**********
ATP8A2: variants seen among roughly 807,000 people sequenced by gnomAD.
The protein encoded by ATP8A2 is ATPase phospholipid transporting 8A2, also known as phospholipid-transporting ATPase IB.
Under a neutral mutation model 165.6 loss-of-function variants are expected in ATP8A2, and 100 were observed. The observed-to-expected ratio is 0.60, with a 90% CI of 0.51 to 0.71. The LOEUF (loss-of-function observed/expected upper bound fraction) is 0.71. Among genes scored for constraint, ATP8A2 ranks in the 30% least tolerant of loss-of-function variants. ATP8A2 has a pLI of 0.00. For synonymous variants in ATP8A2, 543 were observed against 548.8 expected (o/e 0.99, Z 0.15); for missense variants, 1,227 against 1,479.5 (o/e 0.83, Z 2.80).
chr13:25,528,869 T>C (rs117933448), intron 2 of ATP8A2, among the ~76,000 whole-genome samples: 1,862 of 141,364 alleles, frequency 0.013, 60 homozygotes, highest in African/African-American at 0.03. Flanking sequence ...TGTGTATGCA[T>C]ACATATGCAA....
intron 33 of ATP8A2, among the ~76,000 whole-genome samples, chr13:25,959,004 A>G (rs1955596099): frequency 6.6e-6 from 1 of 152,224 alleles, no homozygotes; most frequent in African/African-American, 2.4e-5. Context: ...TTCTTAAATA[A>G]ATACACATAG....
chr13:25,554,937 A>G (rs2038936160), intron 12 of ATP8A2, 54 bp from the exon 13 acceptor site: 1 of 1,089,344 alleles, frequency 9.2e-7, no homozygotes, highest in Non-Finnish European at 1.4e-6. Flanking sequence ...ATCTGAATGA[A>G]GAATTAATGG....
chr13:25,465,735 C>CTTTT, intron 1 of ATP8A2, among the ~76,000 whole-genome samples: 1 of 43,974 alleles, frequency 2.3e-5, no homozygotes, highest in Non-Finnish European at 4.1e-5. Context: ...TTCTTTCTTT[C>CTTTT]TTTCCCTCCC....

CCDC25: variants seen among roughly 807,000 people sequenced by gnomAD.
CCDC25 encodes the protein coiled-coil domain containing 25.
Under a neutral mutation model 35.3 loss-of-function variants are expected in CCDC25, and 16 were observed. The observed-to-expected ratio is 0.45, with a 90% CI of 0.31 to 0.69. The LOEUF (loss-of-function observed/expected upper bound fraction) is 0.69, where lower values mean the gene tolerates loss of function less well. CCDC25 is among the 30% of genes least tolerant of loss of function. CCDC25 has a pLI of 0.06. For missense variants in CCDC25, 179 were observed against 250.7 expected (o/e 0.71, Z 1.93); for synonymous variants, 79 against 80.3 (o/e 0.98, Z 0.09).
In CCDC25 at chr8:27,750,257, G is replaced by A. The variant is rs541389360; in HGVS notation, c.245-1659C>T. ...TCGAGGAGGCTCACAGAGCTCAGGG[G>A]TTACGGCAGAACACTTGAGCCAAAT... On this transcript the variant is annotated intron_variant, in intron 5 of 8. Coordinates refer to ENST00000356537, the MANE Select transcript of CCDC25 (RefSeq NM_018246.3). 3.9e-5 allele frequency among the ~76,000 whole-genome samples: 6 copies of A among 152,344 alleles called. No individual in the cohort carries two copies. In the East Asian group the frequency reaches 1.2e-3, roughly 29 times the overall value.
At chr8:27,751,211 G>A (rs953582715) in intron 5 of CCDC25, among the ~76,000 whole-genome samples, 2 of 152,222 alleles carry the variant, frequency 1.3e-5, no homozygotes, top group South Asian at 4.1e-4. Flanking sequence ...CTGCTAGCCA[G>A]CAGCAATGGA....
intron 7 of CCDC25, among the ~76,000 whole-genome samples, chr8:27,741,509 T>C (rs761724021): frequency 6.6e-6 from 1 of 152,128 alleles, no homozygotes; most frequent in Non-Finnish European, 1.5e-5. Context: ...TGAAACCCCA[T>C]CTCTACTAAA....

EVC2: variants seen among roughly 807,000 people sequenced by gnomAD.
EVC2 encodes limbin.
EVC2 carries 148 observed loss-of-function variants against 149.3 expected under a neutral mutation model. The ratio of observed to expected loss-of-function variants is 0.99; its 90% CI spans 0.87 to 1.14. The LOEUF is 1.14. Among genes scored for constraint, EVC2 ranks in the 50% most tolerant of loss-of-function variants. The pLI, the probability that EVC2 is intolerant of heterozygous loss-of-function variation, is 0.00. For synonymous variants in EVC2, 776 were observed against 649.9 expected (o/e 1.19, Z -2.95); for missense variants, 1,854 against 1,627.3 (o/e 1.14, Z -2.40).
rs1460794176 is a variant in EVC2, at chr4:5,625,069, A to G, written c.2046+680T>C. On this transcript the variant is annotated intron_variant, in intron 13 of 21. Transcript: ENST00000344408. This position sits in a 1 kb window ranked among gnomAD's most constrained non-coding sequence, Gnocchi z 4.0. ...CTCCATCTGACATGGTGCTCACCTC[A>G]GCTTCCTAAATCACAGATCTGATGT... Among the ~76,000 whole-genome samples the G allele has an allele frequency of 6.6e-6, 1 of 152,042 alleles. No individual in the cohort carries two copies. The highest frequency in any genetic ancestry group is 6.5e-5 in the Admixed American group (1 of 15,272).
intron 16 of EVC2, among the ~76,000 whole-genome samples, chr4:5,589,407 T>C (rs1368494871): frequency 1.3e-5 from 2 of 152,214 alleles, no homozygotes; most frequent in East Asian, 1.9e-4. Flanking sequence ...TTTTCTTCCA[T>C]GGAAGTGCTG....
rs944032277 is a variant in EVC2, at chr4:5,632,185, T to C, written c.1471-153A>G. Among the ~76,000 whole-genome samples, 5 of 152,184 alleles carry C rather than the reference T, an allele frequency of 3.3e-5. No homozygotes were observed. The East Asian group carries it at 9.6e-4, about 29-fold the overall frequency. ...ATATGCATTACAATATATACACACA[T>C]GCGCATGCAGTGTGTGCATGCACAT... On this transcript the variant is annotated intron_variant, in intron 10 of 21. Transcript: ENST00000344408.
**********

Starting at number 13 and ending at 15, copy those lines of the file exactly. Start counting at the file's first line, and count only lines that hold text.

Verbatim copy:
intron 7 of CCDC25, among the ~76,000 whole-genome samples, chr8:27,741,509 T>C (rs761724021): frequency 6.6e-6 from 1 of 152,128 alleles, no homozygotes; most frequent in Non-Finnish European, 1.5e-5. Context: ...TGAAACCCCA[T>C]CTCTACTAAA....

EVC2: variants seen among roughly 807,000 people sequenced by gnomAD.
EVC2 encodes limbin.